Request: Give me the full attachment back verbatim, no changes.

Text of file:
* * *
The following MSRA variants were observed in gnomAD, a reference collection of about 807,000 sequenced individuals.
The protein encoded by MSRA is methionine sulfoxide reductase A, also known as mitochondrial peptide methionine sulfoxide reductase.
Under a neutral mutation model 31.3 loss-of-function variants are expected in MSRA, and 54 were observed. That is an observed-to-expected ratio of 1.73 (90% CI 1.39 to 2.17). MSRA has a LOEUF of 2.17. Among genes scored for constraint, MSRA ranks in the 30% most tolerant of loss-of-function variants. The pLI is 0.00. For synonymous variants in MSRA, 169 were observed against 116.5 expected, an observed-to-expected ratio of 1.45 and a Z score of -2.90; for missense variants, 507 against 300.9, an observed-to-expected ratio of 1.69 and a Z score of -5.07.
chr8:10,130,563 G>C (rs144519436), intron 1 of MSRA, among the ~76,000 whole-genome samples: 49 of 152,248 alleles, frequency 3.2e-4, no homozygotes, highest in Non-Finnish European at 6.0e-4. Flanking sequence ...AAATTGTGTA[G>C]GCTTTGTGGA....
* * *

The following MSRA variants were observed in gnomAD, a reference collection of about 807,000 sequenced individuals.
The protein encoded by MSRA is methionine sulfoxide reductase A, also known as mitochondrial peptide methionine sulfoxide reductase.
Under a neutral mutation model 31.3 loss-of-function variants are expected in MSRA, and 54 were observed. That is an observed-to-expected ratio of 1.73 (90% CI 1.39 to 2.17). MSRA has a LOEUF of 2.17. Among genes scored for constraint, MSRA ranks in the 30% most tolerant of loss-of-function variants. The pLI is 0.00. For synonymous variants in MSRA, 169 were observed against 116.5 expected, an observed-to-expected ratio of 1.45 and a Z score of -2.90; for missense variants, 507 against 300.9, an observed-to-expected ratio of 1.69 and a Z score of -5.07.
chr8:10,130,563 G>C (rs144519436), intron 1 of MSRA, among the ~76,000 whole-genome samples: 49 of 152,248 alleles, frequency 3.2e-4, no homozygotes, highest in Non-Finnish European at 6.0e-4. Flanking sequence ...AAATTGTGTA[G>C]GCTTTGTGGA....